GOODMAN, LESTER (18 June 1927-12 Apr. 1993) was a pioneer researcher in biomedical engineering who worked on perfecting the pacemaker and led early development of the artificial heart.
Born in Cleveland to Albert and Shirley (Itskovitz) Goodman, Lester graduated from Glenville High School (1945) and received his B.S. (1956), M.S. (1959), and Ph.D. (1962) from Case Institute of Technology.
Returning to Cleveland in 1949, after serving as a Navy radar technician, Goodman helped in his father's business, Goodman Salvage Co. and attended Case. He was a research assistant in mechanical engineering (1956-57) and one of the first to earn a doctorate in the newly emerging field of biomedical engineering.
Remaining at CASE WESTERN RESERVE UNIVERSITY, Goodman advanced from engineering instructor (1957) to assistant professor then associate professor (1965). From 1962-65 he was assistant director of the Systems Research Center.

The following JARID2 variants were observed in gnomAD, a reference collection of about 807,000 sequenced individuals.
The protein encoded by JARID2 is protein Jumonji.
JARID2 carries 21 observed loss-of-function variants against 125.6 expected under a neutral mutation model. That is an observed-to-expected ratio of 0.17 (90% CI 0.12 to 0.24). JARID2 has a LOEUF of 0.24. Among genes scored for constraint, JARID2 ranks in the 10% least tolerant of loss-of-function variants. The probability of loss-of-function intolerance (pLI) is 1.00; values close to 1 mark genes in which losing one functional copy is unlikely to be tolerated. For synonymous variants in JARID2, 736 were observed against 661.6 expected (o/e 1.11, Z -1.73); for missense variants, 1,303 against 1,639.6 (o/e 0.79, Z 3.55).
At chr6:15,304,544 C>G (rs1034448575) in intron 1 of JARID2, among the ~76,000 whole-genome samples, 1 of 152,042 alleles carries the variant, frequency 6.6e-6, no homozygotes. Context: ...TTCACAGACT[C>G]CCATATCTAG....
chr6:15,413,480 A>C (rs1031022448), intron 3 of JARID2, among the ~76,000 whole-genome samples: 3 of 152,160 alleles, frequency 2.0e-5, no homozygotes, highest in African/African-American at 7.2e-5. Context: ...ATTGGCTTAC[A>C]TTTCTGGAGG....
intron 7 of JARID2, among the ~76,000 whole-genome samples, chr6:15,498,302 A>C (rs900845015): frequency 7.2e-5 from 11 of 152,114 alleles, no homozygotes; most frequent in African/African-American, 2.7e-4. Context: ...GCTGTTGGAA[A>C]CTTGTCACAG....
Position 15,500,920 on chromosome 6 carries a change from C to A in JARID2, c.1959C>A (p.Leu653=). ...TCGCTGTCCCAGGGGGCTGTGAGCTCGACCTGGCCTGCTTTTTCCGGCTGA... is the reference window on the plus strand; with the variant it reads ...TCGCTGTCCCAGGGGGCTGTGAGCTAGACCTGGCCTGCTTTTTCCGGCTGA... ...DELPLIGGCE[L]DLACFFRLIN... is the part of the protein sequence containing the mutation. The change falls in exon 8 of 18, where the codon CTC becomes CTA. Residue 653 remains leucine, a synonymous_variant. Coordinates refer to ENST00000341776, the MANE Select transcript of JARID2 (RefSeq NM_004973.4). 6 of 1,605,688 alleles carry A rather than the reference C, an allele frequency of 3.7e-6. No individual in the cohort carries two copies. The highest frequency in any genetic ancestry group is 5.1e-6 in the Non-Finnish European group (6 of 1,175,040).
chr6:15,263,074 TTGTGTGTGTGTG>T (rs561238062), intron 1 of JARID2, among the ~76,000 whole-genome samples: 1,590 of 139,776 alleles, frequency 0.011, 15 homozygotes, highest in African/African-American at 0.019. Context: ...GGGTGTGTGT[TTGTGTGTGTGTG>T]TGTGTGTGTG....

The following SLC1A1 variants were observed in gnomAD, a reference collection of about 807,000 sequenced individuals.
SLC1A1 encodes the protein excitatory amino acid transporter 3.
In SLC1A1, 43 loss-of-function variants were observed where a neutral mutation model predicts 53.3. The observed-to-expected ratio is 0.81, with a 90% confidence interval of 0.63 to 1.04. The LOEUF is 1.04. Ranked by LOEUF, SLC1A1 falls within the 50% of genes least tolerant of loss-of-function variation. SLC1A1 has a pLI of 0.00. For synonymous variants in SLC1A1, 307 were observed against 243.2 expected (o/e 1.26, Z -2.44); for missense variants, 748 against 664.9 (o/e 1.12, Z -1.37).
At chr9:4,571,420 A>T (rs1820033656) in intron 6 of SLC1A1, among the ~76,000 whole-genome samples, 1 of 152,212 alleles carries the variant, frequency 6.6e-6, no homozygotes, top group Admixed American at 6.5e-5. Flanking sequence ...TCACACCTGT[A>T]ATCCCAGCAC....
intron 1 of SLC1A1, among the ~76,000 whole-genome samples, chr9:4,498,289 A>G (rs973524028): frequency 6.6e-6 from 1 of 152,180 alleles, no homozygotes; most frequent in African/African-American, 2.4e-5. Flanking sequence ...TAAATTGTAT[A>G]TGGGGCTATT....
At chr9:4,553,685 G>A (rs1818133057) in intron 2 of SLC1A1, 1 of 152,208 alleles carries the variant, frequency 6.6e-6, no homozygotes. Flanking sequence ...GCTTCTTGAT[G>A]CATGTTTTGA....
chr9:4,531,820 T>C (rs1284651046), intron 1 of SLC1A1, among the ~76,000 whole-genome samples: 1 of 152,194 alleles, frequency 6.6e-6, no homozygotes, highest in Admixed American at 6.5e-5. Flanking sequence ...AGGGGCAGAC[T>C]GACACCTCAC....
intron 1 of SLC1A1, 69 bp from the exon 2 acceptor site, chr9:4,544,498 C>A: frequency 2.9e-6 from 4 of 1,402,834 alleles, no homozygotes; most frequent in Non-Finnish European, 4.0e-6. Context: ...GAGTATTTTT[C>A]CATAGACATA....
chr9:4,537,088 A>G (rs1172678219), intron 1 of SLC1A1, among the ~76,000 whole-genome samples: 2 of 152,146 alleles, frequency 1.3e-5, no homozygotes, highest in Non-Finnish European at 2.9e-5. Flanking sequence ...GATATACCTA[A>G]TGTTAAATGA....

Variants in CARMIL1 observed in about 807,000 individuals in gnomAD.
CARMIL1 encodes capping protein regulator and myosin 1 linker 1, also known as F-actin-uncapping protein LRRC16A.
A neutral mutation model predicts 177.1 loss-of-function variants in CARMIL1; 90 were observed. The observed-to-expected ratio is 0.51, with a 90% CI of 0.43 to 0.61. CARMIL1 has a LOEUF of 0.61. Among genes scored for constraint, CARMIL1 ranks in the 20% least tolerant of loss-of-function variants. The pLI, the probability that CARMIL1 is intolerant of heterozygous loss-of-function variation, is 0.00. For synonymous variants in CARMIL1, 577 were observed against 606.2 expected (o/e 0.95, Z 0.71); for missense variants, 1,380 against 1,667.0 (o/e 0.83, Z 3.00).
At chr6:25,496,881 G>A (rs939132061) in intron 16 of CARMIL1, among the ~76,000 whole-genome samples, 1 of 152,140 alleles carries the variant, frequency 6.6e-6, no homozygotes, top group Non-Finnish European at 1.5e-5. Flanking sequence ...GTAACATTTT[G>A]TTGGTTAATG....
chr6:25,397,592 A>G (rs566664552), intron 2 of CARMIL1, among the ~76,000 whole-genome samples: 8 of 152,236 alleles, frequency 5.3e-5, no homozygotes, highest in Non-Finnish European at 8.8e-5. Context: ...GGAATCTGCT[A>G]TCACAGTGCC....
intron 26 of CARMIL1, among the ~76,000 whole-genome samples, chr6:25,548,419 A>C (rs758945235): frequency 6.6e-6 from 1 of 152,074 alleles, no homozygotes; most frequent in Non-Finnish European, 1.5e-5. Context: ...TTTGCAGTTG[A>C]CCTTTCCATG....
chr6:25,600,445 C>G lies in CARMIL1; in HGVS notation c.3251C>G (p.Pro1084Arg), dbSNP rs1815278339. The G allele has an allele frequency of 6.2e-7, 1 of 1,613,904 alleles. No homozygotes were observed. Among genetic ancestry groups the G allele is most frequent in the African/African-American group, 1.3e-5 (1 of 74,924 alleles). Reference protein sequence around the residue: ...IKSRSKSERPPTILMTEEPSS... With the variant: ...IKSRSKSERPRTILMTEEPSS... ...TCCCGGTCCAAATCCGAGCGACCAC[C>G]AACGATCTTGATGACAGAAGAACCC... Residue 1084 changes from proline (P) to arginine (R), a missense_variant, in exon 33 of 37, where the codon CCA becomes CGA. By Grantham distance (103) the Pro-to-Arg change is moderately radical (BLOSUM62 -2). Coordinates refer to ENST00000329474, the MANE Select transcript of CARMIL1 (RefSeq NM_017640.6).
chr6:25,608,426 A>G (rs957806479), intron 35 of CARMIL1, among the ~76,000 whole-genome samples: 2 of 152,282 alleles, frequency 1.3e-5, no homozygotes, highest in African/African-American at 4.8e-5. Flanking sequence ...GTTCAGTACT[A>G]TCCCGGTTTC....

In 1965 Goodman joined the National Institutes of Health and worked on developing the synthetic materials used in the first experimental artificial hearts. In 1967 he announced the discovery of a plastic material which promised to be useful in biomedicine. He became chief of the Biomedical Engineering and Instrumentation Branch of the NIH, serving until 1975.
Goodman was president (1969) of the newly formed Alliance for Engineering in Medicine and Biology, became an international lecturer, and was awarded numerous honors. He was director (1975-1983) of the Biomed Engineering Division, Meditronic Inc. of Minneapolis, perfecting new designs for pacemakers. He was a visiting professor (1980-81), and associate director of the Engineering Design Center, CWRU.
On 1 July 1951 Goodman married Jacqueline Arnoff. They had four children, Clifford, Kenneth, Daniel and Rebecca. Goodman died in Alexandria, Virginia.